6. Daireen (@daireenonline)

    Really good story telling. Watch the typos though, too many of ’em in the writ.


    1. @daireenonline that was most kind of you. You’re a better person than me lol. Any ways I appreciate your stopping my. You and Dairy of a Lagos Playboy guy, inspired me to write something called “Fools Die”, and hopefully in a couple of days when @admin gets through to it, he will publish it. Be well.

  7. Lovely story n wuld have wished 4 more.

    1. @jade69, thank you, I think its a lovely story too, ha ha ha. Infact for a 2500 word count its a very lovely story. my head dey swell like gari wey dem put water. Thnks again.

  8. i didnt really feel this…maybe because we weren’t allowed to get a feel of the characters…so many questions hanging.. why was she different? in what ways? what about Dare? did he not do well? why did yemisi divorce her? simi did not say goodbye to the dad, why? was she angry at him or just sad? so many things that would have made the story richer….i was looking forward to something ”jesus of sports hall” standard…

    also there were typos, and wrong punctuations… hope you are not losing your touch?

    1. @topazo Im sad you didn’t feel it, but happy you told me your mind. Like I said, I was looking at the 2500 word count, but again that’s no excuse. As for loosing it, nah, I know exactly what I’m doing. I travel a lot and write on a variety of mediums an iPad, a Playbook, a laptop and sometimes believe it or not, on an iPhone. Then I usually deposit it in Dropbox or Springpad and go back to it when the muse calls.As you can guess, keeping track of edits can be crazy. I was challenged to put out new product hence my carelessness. But thanks still, but really i thought I addressed why Yemisi divorced Dare? He refused to grow up. Dare never ‘did well’ because he felt pursuing a capitalism route to success was a betrayal of his beliefs n ideals. Thanks for visiting though, you gave me some food for thought.

  9. @Lulu, welldone. I think you did really well putting all these in without going over the word count. I was hoping for more though, I thought there was another part to it somewhere.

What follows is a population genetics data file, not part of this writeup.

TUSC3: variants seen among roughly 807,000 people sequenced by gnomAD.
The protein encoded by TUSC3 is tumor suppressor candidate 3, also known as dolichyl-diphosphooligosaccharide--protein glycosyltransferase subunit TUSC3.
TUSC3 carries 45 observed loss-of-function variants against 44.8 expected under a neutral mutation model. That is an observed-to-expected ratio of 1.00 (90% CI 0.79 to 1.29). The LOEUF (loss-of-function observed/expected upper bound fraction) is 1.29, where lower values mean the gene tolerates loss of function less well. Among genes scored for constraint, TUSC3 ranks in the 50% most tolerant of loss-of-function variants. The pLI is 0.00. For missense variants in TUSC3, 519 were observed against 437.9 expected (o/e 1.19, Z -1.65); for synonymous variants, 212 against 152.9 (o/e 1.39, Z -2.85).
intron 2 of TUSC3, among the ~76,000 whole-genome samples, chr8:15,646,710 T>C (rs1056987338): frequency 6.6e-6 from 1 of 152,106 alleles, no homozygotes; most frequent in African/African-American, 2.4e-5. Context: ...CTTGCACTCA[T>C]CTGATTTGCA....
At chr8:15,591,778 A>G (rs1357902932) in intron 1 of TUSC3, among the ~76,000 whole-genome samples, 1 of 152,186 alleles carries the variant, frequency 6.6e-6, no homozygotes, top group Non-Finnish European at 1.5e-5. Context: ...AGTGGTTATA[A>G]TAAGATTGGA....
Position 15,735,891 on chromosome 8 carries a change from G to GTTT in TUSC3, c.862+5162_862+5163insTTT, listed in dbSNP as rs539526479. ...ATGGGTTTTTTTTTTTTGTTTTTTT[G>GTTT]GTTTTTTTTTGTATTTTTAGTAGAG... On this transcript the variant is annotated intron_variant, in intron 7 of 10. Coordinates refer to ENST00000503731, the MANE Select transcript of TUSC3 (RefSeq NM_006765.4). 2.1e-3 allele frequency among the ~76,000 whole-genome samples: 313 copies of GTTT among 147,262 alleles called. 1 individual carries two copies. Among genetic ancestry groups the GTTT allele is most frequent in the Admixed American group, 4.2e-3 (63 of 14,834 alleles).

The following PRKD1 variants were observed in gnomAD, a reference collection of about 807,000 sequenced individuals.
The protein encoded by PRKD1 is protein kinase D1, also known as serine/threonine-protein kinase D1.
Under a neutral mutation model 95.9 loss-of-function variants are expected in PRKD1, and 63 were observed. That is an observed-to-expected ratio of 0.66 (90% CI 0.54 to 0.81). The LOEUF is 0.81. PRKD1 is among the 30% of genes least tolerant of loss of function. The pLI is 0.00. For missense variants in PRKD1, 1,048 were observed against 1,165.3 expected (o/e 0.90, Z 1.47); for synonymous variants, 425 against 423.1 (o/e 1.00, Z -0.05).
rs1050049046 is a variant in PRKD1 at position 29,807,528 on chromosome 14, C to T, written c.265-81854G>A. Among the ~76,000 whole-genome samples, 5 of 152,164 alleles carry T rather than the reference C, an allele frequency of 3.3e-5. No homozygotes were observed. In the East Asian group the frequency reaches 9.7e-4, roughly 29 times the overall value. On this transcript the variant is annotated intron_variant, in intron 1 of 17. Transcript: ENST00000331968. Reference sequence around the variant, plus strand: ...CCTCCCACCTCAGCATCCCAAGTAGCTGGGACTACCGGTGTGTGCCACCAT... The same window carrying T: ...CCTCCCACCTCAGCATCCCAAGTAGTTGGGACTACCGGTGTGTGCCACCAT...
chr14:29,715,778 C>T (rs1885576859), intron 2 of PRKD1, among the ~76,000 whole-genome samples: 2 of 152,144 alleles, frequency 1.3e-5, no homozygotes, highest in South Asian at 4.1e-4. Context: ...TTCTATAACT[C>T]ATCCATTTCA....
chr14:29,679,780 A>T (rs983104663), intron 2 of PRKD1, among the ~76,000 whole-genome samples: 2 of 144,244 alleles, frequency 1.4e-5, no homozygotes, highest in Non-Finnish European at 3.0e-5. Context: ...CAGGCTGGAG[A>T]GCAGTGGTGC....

All the same, good work. I hope to read more of your work.

    1. Thank you much! I kinda like details but realise that i can be sperflous! So keeping to a word count keeps me grounded! For future work maybe I can let loose and serialise but Im also a bit impatient and think people dont like serials a lot,

      1. @Lulu, people love series here on NS and that is what seems to get readers buying the latest issues of fiction magazines (overhere). I was against series as well before I started one. It is doing well in terms of views. Check out writers like @Mimiadebayo, @Ayoks, Daireenonline and Sanjules.
        Their series pull in people because the site is full of readers who love to read.
        I think you will make a good serial writer. From what I have seen from this, you know how to create rich characters and engaging themes.
        Anyway, if we can’t tempt you, whatever you write next, I will still be reading. Welldone again.

  10. Your reputation precedes your Sir. I enjoyed reading this piece and whatever errors I noticed, have been pointed out.
    Hope your muse calls you more often.

    1. Reputation ke? Lol! I appreciate your kind words! And I just went through some of your stuff! Excellente! ns just got exciting to me again

  11. And hey, people don’t like serials because of the suspense.But give them a very great and captivating story and they’ll follow like dogs to bone.

  12. err, am I seeing this correctly? some 2030 views? must be some glitch